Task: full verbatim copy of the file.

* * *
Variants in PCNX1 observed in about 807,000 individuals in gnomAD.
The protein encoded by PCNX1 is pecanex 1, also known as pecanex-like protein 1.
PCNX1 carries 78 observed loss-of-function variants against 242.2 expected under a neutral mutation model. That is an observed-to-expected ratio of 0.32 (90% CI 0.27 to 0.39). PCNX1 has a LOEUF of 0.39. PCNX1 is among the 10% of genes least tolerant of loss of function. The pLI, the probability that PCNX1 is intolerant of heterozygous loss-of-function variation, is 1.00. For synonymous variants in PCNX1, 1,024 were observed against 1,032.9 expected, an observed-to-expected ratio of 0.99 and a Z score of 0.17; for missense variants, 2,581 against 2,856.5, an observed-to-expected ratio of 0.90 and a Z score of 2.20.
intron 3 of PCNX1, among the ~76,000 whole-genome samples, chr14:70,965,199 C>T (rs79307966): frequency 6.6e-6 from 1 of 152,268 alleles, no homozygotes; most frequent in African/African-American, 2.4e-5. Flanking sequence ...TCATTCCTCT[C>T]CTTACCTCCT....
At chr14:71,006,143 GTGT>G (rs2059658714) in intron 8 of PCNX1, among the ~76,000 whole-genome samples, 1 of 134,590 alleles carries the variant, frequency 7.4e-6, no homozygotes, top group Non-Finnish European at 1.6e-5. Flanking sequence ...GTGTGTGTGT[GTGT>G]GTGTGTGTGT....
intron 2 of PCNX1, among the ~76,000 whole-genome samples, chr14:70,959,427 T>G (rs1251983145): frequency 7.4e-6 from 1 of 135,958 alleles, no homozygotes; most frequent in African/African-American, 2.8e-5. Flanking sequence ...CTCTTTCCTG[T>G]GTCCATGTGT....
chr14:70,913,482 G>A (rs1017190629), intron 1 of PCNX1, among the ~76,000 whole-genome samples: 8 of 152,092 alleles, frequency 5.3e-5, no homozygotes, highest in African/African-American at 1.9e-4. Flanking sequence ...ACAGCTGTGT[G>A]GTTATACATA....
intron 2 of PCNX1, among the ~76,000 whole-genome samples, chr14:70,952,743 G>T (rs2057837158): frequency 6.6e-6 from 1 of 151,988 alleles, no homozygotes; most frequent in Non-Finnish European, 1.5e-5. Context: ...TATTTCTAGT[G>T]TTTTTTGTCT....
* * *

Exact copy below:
Variants in PCNX1 observed in about 807,000 individuals in gnomAD.
The protein encoded by PCNX1 is pecanex 1, also known as pecanex-like protein 1.
PCNX1 carries 78 observed loss-of-function variants against 242.2 expected under a neutral mutation model. That is an observed-to-expected ratio of 0.32 (90% CI 0.27 to 0.39). PCNX1 has a LOEUF of 0.39. PCNX1 is among the 10% of genes least tolerant of loss of function. The pLI, the probability that PCNX1 is intolerant of heterozygous loss-of-function variation, is 1.00. For synonymous variants in PCNX1, 1,024 were observed against 1,032.9 expected, an observed-to-expected ratio of 0.99 and a Z score of 0.17; for missense variants, 2,581 against 2,856.5, an observed-to-expected ratio of 0.90 and a Z score of 2.20.
intron 3 of PCNX1, among the ~76,000 whole-genome samples, chr14:70,965,199 C>T (rs79307966): frequency 6.6e-6 from 1 of 152,268 alleles, no homozygotes; most frequent in African/African-American, 2.4e-5. Flanking sequence ...TCATTCCTCT[C>T]CTTACCTCCT....
At chr14:71,006,143 GTGT>G (rs2059658714) in intron 8 of PCNX1, among the ~76,000 whole-genome samples, 1 of 134,590 alleles carries the variant, frequency 7.4e-6, no homozygotes, top group Non-Finnish European at 1.6e-5. Flanking sequence ...GTGTGTGTGT[GTGT>G]GTGTGTGTGT....
intron 2 of PCNX1, among the ~76,000 whole-genome samples, chr14:70,959,427 T>G (rs1251983145): frequency 7.4e-6 from 1 of 135,958 alleles, no homozygotes; most frequent in African/African-American, 2.8e-5. Flanking sequence ...CTCTTTCCTG[T>G]GTCCATGTGT....
chr14:70,913,482 G>A (rs1017190629), intron 1 of PCNX1, among the ~76,000 whole-genome samples: 8 of 152,092 alleles, frequency 5.3e-5, no homozygotes, highest in African/African-American at 1.9e-4. Flanking sequence ...ACAGCTGTGT[G>A]GTTATACATA....
intron 2 of PCNX1, among the ~76,000 whole-genome samples, chr14:70,952,743 G>T (rs2057837158): frequency 6.6e-6 from 1 of 151,988 alleles, no homozygotes; most frequent in Non-Finnish European, 1.5e-5. Context: ...TATTTCTAGT[G>T]TTTTTTGTCT....